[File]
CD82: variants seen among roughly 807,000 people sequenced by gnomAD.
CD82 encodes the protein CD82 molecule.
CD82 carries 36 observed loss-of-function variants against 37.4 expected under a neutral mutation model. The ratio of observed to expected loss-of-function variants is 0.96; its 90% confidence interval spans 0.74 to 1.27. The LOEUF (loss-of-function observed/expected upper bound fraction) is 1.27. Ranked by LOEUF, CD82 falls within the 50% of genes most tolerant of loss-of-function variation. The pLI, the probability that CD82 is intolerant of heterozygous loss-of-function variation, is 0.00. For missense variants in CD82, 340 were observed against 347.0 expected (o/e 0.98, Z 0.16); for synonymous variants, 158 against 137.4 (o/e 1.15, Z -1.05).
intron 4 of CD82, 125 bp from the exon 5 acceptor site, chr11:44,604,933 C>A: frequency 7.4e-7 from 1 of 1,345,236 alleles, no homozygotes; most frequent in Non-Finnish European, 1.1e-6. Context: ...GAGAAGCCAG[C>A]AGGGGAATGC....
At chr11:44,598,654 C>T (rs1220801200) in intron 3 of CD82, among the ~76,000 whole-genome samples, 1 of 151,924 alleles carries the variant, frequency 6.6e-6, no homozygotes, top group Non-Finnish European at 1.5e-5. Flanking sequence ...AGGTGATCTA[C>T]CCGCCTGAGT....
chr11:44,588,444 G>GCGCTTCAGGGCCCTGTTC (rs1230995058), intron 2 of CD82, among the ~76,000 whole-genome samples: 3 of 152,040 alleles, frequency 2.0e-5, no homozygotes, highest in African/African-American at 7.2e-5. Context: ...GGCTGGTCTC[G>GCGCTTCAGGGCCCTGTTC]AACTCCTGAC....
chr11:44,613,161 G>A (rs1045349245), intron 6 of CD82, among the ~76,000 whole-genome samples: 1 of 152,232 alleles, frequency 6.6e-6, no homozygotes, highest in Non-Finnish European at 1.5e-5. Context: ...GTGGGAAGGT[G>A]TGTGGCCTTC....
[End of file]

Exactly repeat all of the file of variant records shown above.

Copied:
CD82: variants seen among roughly 807,000 people sequenced by gnomAD.
CD82 encodes the protein CD82 molecule.
CD82 carries 36 observed loss-of-function variants against 37.4 expected under a neutral mutation model. The ratio of observed to expected loss-of-function variants is 0.96; its 90% confidence interval spans 0.74 to 1.27. The LOEUF (loss-of-function observed/expected upper bound fraction) is 1.27. Ranked by LOEUF, CD82 falls within the 50% of genes most tolerant of loss-of-function variation. The pLI, the probability that CD82 is intolerant of heterozygous loss-of-function variation, is 0.00. For missense variants in CD82, 340 were observed against 347.0 expected (o/e 0.98, Z 0.16); for synonymous variants, 158 against 137.4 (o/e 1.15, Z -1.05).
intron 4 of CD82, 125 bp from the exon 5 acceptor site, chr11:44,604,933 C>A: frequency 7.4e-7 from 1 of 1,345,236 alleles, no homozygotes; most frequent in Non-Finnish European, 1.1e-6. Context: ...GAGAAGCCAG[C>A]AGGGGAATGC....
At chr11:44,598,654 C>T (rs1220801200) in intron 3 of CD82, among the ~76,000 whole-genome samples, 1 of 151,924 alleles carries the variant, frequency 6.6e-6, no homozygotes, top group Non-Finnish European at 1.5e-5. Flanking sequence ...AGGTGATCTA[C>T]CCGCCTGAGT....
chr11:44,588,444 G>GCGCTTCAGGGCCCTGTTC (rs1230995058), intron 2 of CD82, among the ~76,000 whole-genome samples: 3 of 152,040 alleles, frequency 2.0e-5, no homozygotes, highest in African/African-American at 7.2e-5. Context: ...GGCTGGTCTC[G>GCGCTTCAGGGCCCTGTTC]AACTCCTGAC....
chr11:44,613,161 G>A (rs1045349245), intron 6 of CD82, among the ~76,000 whole-genome samples: 1 of 152,232 alleles, frequency 6.6e-6, no homozygotes, highest in Non-Finnish European at 1.5e-5. Context: ...GTGGGAAGGT[G>A]TGTGGCCTTC....